Published on October 26th, 2015 | by Michael0
The Returned Season Two Episode Two – Milan
The problem a show like The Returned faces is that early on, it was built around the brilliantly nuanced relationships between its characters, living or dead. As the plot ramps up, as it must, this nuance is often lost in the rush of revelations and drama. Yet if the subtlety is kept, it may be at the cost of forward momentum. Fortunately ‘Milan’ offers a brilliant balance between the two, a superb episode which hopefully hook any viewers who were wavering after such a long gap between series.
The titular Milan is the returning father of Serge and Toni, their clan surely stealing the prize for the hotly contended ‘Most dysfunctional family in town’. In flashback, it is revealed the Milan was the leader of the group that invaded ‘Victor’s’ home, killing Victor (then known as Louis) and his Mother but leaving his father in a coma. Serge, a serial killer, is clearly absolutely terrified of his father and with good reason, he’s a hulking bear of a man with a temperament to match, whose past includes the murder of a child. Even Lucy, de facto leader of the undead hordes, seems perturbed that Milan is back.
Elsewhere, Julie and the boy she christened Victor must contend with the return of the boy’s mother, who seems almost as strange as her otherworldly progeny. She tells Julie that Louis is forbidden from drawing – not surprising, given the prescient nature of his scrawls (how often do writers return to the ‘prophetic artwork’ well? After the dismal Under The Dome employed it with such abandon, you’d think they’d lay off). Victor/Louis also comments to Julie that she loves him, and that this love has allowed him to grow despite being dead, a neat work around from the writers.
On the dead sign of town, Claire and her daughter Camille are acting as a sort of halfway house for wayward undead. Last week they took in the newly returned Audrey, now another boy, Esteban has arrived, who also died in the coach crash. Their house has been menaced by other undead who act more horde-like than the characters we know. Last week it was assumed they were after Audrey, isn’t it more likely they’re after the still-living Claire? In any event, it falls to Camille to tell her classmates that they’ve been dead for four years. As she prepares to slash her own throat to prove she is undead, another boy approaches her. ‘You don’t know the rules’ he warns her. Can the dead die again? Instead, the boy leads the other three to the site of the bus crash. This scene is brilliant and really showcases the talent of the young actors, Yara Pilartz as Camille particularly. It is hard enough watching Esteban and Audrey see proof of their own death in the form of faded and battered tributes (toys, photographs etc) but it is even more heart-breaking when Camille reads a letter written to her by Lena. Camille in many ways has been the most normal of the returned but she has been very reticent to reconnect with her family and her sister in particular. Perhaps this is the jolt she needs to understand what they went through after she died.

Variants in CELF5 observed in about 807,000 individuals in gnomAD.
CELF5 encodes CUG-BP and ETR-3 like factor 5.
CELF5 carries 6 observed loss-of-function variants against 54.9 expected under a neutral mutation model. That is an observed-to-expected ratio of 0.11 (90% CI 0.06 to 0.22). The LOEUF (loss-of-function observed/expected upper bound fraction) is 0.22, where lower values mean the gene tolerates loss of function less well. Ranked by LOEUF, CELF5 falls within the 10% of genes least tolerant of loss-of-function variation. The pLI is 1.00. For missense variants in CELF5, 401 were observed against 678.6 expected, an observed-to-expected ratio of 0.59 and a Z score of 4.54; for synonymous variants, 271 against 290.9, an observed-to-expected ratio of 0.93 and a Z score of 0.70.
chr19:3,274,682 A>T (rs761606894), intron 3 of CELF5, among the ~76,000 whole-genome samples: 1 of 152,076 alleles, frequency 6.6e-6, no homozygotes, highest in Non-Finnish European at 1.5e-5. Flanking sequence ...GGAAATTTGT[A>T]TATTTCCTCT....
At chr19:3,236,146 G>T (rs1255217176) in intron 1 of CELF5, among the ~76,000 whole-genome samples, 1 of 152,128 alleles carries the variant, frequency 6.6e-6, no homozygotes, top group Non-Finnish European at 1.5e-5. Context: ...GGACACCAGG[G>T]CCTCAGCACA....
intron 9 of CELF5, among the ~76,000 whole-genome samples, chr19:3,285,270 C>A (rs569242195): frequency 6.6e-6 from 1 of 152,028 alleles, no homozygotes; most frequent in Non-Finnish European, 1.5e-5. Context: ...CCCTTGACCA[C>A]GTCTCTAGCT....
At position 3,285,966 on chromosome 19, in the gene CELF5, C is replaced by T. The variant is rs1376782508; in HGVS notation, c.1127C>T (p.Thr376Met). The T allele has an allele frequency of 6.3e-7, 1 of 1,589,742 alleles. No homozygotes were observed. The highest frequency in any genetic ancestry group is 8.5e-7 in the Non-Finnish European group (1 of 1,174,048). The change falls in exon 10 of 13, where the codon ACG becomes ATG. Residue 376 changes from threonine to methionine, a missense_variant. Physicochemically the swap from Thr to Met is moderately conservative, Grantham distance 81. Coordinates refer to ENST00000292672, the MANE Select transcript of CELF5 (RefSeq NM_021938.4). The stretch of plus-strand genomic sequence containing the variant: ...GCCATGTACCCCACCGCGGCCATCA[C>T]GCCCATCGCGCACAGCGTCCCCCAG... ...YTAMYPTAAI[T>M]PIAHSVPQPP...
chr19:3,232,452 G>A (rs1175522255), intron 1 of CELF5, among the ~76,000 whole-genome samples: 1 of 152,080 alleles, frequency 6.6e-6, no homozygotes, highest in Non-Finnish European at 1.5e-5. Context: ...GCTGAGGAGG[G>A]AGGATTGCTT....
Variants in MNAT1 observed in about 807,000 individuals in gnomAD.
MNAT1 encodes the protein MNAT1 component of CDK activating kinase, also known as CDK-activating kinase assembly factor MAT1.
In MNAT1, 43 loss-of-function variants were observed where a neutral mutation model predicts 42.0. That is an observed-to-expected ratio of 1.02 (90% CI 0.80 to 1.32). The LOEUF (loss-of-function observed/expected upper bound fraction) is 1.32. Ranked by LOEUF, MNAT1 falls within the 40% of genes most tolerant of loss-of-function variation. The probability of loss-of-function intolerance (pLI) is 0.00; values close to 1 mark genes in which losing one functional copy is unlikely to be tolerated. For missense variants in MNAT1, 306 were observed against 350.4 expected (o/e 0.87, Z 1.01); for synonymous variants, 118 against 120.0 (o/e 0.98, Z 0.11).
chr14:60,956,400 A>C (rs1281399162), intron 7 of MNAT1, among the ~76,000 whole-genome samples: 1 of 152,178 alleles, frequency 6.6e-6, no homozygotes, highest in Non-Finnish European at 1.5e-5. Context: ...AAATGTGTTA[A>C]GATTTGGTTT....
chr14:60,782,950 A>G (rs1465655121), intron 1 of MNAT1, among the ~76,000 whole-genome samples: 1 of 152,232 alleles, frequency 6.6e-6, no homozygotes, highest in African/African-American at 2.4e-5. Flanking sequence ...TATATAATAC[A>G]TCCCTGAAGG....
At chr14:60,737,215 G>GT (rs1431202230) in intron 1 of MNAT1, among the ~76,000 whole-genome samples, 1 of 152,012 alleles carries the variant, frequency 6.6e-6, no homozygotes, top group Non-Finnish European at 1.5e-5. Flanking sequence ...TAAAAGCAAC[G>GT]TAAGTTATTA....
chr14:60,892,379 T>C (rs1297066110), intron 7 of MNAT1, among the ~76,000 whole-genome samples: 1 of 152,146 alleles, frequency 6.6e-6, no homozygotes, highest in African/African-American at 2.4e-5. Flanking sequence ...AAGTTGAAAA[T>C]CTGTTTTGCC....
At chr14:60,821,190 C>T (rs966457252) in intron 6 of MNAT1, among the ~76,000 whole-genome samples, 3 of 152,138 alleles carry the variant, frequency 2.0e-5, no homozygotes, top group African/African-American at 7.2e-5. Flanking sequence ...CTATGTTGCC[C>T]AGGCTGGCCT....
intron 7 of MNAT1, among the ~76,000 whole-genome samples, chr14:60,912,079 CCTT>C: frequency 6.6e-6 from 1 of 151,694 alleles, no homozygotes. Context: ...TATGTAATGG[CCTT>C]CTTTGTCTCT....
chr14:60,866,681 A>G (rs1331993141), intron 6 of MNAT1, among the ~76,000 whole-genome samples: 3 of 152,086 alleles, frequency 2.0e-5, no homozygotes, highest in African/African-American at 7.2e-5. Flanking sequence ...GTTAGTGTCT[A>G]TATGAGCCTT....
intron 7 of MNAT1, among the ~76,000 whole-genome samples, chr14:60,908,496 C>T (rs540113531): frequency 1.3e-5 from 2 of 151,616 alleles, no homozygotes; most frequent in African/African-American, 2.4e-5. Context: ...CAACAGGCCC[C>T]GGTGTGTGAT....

Elsewhere in Deadtown, Claire was surrounded by the dead and left in a battered heap on the ground. Through bleary eyes, she spies a figure walking towards her, apparently taking her back to the safety of her home, where Camille finds here. Claire appears to be in a bad way but makes a miraculous recovery. Did she just get better or did she actually die and come back? Speaking of which, Louis/Victor’s father had the worst of the home invasion 35 years ago. When Louis/Victor and Mother were killed, he was cruelly left in a coma, meaning he has neither healed nor been allowed to die and come back, rather like God in Dogma.
In the living side of town, Lena is still having a hard time of it. Pierre’s gang of vigilantes/doomsday cult at the Helping Hand are growing in strength and aggression and take the unfortunate but apparently willing Toni with them, against Lena’s protests. Meanwhile, her father is not only sporting a fine breakdown beard but has also constructed that other clear sign of mad obsession, the wall of evidence. In his shack, he has put up photos, news cuttings and all other scribblings he can find to try and solve the puzzle of the walking dead. It’s been a theme of the series so far that the return of loved ones should be cherished (or feared if you’re Pierre) rather than studied or examined. It’s a pity that the one man determined to find out why it has happened appears to be cracking up with haste. It might all prove to be too much for Lena (to recap – her mother and undead sister are on the other side of the lake, her father is going mad, her occasional lover is a serial killer) who may look like a goddess but is as vulnerable as the rest of them.
Berg continues to try a put his own mystery together, investigating the dam rather than the walking dead. His search leads him to bloody great hole in the floor, the significance of which remains unclear. Elsewhere, Adele has given birth to her demon baby and she is clearly as scared of it as the rest of us, as she refuses to name or even visit it. When told by a nurse that the baby is barely holding on she finally visits, and a little touch of her hand is enough to bring it back to life. What does it all mean?
‘Milan’ is a simply cracking episode of television, balancing the small and personal with the big a revelatory, it’s spooky and heart breaking in equal measure. In its final moments, it leaps into outright horrifying. A group of young soldiers, looking for Audrey, come across something far worse in the woods. It’s the body of all the missing gendarmes, tied to the trees, dead and showing no signs of returning.